Communication informaticsE Coierae.firstname.lastname@example.org
A few problems to focus the mind• Modern health systems still struggle to improve quality and safety despite genuine motivation and resource allocation• While hope springs eternal, Health ICT does have a history of repeated large scale implementation failure• Why after so many years is all this still so hard in health, when other sectors like finance seem to have moved to fully digital work processes?
Four levels of system analysis No se puede mostrar la imagen. Puede que su equipo no tenga suficiente memoria para abrir la imagen o que ésta esté dañada. Reinicie el equipo y , a continuación, abr No se puede mostrar la imagen. Puede que su equipo no tenga suficiente memoria para abrir la imagen o que ésta esté dañada. Reinicie el equipo y , a continuación, abra el archiv o de nuev o. Si sigue apareciendo la x roja, puede que tenga que borrar la imagen e insertarla de nuev o. No se puede mostrar la imagen. Puede que su equipo1. Algorithms 2. Computer 3. Human 4. Socio- Programs Computer technical Interaction systems
How many possible conversations can happenin a health service? nurse nurse 3 doctor patient doctor patient 10 n! m= GP Lab r!(n-r)!
Computer interpretation Lab LabNominated Lab clinician Data store3rd party staff LaboratoryPatient Doctor office Doctor’s office Courier office Practice Courier Courier Data store Data store
The communication space is large• Covell et al. (1985): 50% info requests are to colleagues, 26% personal notes• Tang et al (1996): 60% of clinic is talk• Safran et al. (1998): ~50% information transactions face to face, EMR ~10%, remainder was e/v-mail and paper
What happens in the communicationspace?• Wilson et al. (1995): communication errors cause 17% of system problems, 84% potentially preventable• Donchin et al. (1995): doctor nurse communication in ICU is 2% of work, but figures in 37% of errors• Bhasale et al. (1998): communication contributes to ~50% adverse events in primary care
The communication space• is the largest part of the health system’s information space• contains a substantial proportion of the health system information ‘pathology’• is largely ignored in our informatics thinking• is where most information is acquired and presented
Consequences of interaction complexity• Many tasks, Many teams, task heterogeneity, parallelism, lead to …• Breakdowns at interfaces: incomplete, inaccurate, delayed or failed message transmission• Multitasking: Concurrent execution of two or more different tasks. Individual has control of sequencing etc• Interruption: Forced multitasking. Individual suspends current task with variable warning.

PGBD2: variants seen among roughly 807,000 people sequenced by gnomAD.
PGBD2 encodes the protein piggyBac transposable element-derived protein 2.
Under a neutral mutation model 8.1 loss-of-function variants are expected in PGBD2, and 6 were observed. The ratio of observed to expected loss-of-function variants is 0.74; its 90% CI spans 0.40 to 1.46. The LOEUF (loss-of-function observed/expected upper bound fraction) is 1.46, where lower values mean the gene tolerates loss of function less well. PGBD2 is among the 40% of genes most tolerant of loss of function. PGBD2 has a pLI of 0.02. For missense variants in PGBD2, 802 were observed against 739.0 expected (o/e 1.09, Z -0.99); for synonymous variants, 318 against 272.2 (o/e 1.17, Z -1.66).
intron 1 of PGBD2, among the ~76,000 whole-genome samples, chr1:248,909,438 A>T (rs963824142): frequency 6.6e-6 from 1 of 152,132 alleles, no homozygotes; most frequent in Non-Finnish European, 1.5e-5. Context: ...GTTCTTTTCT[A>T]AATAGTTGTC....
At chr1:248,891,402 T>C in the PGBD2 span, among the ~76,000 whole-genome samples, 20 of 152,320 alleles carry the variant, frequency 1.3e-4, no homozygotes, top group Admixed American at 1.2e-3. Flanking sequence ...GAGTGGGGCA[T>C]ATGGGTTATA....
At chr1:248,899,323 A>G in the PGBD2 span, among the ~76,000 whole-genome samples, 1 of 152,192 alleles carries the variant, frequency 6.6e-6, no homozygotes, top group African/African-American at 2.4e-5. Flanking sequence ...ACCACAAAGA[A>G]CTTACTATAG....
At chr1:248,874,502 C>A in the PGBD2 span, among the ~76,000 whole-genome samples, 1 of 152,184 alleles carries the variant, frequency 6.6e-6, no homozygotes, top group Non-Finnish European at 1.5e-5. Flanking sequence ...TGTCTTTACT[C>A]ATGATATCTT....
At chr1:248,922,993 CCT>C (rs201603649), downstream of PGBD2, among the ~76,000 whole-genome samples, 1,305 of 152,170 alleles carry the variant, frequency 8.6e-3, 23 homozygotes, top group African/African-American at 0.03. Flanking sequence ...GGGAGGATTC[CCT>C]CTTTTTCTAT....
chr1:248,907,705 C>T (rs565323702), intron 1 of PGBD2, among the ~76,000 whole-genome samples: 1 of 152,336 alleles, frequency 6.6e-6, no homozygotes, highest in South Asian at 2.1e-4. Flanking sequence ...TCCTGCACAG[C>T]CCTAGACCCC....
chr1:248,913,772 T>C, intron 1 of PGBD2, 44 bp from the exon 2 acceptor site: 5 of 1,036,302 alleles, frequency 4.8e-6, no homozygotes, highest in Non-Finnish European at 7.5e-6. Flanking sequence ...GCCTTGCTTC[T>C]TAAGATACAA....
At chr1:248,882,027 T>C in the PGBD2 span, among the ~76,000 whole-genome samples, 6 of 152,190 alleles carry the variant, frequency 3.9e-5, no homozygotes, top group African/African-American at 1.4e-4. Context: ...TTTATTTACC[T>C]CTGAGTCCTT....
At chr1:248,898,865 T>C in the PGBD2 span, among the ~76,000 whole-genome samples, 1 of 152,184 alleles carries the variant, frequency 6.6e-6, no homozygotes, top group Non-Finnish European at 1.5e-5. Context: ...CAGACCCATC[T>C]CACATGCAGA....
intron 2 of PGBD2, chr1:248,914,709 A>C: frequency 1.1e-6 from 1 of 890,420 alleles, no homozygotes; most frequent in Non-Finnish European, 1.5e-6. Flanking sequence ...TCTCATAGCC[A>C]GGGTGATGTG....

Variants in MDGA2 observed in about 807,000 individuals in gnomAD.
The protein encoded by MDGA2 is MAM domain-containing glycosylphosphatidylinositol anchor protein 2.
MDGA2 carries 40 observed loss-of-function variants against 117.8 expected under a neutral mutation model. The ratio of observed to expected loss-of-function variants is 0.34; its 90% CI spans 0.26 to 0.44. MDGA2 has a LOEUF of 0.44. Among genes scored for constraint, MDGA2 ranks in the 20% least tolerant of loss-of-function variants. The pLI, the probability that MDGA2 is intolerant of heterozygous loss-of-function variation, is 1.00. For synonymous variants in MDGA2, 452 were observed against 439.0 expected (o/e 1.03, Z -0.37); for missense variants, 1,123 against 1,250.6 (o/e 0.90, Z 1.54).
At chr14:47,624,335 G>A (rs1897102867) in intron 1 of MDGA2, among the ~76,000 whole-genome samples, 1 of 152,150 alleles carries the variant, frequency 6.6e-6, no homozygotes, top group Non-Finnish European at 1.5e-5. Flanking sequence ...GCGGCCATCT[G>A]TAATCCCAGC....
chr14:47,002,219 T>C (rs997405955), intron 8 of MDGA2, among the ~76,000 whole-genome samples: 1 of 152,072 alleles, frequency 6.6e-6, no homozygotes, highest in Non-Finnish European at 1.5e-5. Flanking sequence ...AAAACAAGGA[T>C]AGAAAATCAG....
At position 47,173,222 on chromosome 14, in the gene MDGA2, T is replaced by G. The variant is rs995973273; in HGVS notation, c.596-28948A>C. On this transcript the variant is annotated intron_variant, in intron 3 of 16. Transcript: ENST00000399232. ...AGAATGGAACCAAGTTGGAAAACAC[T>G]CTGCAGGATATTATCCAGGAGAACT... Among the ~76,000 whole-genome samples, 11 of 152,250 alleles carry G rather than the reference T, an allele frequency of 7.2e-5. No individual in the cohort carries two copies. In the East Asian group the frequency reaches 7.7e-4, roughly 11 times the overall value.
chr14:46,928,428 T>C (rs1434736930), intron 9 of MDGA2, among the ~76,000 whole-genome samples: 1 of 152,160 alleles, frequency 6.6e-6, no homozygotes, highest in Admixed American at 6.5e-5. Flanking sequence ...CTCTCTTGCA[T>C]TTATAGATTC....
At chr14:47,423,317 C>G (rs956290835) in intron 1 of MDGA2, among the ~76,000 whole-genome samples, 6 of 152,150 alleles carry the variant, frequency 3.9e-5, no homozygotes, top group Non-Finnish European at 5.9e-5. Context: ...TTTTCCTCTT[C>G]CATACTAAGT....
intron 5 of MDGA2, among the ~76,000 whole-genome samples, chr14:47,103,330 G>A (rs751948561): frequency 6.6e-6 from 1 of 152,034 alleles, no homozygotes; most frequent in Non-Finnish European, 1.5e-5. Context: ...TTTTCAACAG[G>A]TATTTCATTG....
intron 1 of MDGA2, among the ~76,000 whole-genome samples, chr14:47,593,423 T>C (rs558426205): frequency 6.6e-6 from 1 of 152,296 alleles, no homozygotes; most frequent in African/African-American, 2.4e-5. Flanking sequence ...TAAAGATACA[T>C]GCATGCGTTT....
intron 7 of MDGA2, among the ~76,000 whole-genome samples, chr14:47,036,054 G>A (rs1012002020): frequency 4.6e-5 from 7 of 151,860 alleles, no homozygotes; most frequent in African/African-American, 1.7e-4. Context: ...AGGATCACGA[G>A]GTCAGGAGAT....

Transitions at the boundaries of care• Communication breakdowns often occur at the interfaces or transitions between care• E.g.: sign-off, hand-off, handover, shift changes, sign out of patient from ED• Involve the transfer of rights, duties and obligations for care of a patient• Inverse relationship between shift length and n times care is transferred• Patients admitted by one resident and transferred to another next day have more tests and longer stay (J Gen Intern Med 1990;5:501-5)
Communication breakdowns• 2007 Review of 444 US surgical malpractice claims: – 13% involved 81 communication ‘breakdowns’ – 73% breakdowns verbal, and 64% involved just 2 people – Commonly associated factors with breakdowns: • Status asymmetry (74%) • Ambiguity about responsibilities (73%) – Most common events: • Resident failing to notify attending surgeon of critical events • Attending to attending handoffs – 43% breakdowns associated with patient handoffs – 39% breakdowns associated with transfer in patient location (J Am Coll Surg 2007 204(4);533-40)
Managing talk at the boundaries• 89.5% of US EDs report no formal policy on patient sign out, 50% sign out only verbally, and 43% ‘rarely’ documented transfer of attending responsibility (Acad Emerg Med 2007;14(2):192-6)• Strategies: – Communication triggers e.g. ‘two challenge rule’ if unsafe situation not dealt with – Read-backs e.g. confirm understanding at handover – Standardised sign-out templates, which include critical fields such as resuscitation (“code”) status – Computerised rounding and sign out - can halve n patients missed at resident rounds and improve allocation of resident time to seeing patients pre-round (J Am Coll Surg 2005;200(4):538-45).
Multitasking in the primary care consultationroom• Doctor’s use of a desktop resulted in: – Shorten responses to patient – Delayed responses to patient – Dr looked less at patient because looking at screen – Dr not hearing patient comments – Patients tried to judge when to talk based upon Drs interactions with the computer – (Greatbatch et al., 1993; Booth at al., 2001)
Impact of task switching• Switch costs: responses take longer to initiate cf repetitive tasks 200 vs 500 ms; higher error rates• Preparation costs: advanced knowledge of a switch and time to prepare reduces switch cost• Residual costs: Even with preparation (600 ms or more) can’t avoid some baseline switch cost• Mixing costs: Performance recovery after switch always slower for mixed cf single task repetition (Trends Cog Sci 2003:7;134-140)